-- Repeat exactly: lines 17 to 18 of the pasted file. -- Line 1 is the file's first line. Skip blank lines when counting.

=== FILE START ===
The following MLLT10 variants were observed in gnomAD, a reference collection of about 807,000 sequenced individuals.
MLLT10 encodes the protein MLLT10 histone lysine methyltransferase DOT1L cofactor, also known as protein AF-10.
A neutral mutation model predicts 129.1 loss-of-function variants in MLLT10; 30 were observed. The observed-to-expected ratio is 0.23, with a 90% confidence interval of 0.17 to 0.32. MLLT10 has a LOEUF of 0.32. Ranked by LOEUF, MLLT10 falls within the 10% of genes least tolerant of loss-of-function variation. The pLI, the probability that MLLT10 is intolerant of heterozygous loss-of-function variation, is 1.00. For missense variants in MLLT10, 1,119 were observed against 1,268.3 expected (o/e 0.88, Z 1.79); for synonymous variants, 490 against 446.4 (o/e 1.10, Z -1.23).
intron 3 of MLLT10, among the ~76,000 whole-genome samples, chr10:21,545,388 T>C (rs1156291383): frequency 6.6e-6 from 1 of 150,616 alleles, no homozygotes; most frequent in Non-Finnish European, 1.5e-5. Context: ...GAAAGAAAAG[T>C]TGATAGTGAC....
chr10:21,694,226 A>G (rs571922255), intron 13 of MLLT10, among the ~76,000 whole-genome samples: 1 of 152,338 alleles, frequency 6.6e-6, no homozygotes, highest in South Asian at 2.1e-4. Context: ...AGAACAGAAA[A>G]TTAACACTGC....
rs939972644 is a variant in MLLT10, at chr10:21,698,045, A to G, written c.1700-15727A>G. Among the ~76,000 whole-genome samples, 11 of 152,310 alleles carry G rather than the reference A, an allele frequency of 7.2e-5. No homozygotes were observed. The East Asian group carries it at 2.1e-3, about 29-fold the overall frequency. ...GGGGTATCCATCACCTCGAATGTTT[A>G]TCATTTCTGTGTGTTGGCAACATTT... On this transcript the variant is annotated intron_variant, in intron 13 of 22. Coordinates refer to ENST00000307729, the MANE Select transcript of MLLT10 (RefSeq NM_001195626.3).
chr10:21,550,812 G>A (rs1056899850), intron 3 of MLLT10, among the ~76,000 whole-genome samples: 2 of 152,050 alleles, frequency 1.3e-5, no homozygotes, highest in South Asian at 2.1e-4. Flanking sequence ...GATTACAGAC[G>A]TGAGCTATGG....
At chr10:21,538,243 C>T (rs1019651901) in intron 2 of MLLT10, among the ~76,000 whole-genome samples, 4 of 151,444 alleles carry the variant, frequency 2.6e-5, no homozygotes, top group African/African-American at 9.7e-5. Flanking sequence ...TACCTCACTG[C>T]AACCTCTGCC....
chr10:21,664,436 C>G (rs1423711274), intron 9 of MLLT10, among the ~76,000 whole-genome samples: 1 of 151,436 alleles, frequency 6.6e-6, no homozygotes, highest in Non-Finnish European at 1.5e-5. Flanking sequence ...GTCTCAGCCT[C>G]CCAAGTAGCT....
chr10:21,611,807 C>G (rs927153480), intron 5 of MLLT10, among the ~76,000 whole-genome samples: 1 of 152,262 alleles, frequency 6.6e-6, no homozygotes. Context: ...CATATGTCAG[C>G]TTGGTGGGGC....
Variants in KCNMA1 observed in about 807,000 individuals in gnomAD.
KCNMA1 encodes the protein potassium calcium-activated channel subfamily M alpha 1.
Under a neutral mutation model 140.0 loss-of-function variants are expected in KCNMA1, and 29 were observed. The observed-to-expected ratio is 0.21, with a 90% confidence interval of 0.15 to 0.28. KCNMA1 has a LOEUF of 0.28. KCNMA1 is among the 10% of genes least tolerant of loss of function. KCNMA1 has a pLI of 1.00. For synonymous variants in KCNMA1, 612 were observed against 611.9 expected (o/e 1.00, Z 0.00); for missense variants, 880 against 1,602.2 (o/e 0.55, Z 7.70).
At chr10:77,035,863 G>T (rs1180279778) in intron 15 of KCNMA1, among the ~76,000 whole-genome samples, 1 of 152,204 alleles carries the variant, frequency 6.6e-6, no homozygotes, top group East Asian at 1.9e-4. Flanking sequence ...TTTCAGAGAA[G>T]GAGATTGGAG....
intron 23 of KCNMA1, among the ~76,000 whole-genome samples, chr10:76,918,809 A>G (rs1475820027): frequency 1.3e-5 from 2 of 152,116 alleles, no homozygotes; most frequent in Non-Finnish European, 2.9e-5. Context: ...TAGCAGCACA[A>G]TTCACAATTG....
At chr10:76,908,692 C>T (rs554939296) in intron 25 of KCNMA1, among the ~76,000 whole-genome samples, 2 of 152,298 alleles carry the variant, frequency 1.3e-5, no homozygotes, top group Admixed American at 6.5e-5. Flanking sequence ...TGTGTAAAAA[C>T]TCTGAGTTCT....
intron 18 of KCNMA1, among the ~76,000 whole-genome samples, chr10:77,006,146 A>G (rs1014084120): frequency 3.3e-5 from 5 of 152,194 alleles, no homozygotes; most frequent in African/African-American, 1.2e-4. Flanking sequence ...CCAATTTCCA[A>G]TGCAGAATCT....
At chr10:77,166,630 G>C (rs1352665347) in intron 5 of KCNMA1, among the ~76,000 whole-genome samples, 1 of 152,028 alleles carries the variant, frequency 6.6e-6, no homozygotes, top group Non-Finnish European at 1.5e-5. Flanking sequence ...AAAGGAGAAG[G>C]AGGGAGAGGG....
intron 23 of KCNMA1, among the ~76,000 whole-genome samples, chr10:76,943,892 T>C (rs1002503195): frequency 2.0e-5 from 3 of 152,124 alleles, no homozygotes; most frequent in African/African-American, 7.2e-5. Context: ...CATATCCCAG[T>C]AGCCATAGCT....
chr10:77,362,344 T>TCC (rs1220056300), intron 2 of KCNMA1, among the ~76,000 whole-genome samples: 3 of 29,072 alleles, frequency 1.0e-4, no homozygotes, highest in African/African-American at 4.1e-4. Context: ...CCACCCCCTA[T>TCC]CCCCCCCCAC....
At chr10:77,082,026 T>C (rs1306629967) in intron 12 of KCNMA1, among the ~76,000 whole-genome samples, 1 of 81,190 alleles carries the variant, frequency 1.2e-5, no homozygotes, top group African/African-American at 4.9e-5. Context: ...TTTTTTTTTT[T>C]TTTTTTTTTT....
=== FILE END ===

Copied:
intron 18 of KCNMA1, among the ~76,000 whole-genome samples, chr10:77,006,146 A>G (rs1014084120): frequency 3.3e-5 from 5 of 152,194 alleles, no homozygotes; most frequent in African/African-American, 1.2e-4. Flanking sequence ...CCAATTTCCA[A>G]TGCAGAATCT....
At chr10:77,166,630 G>C (rs1352665347) in intron 5 of KCNMA1, among the ~76,000 whole-genome samples, 1 of 152,028 alleles carries the variant, frequency 6.6e-6, no homozygotes, top group Non-Finnish European at 1.5e-5. Flanking sequence ...AAAGGAGAAG[G>C]AGGGAGAGGG....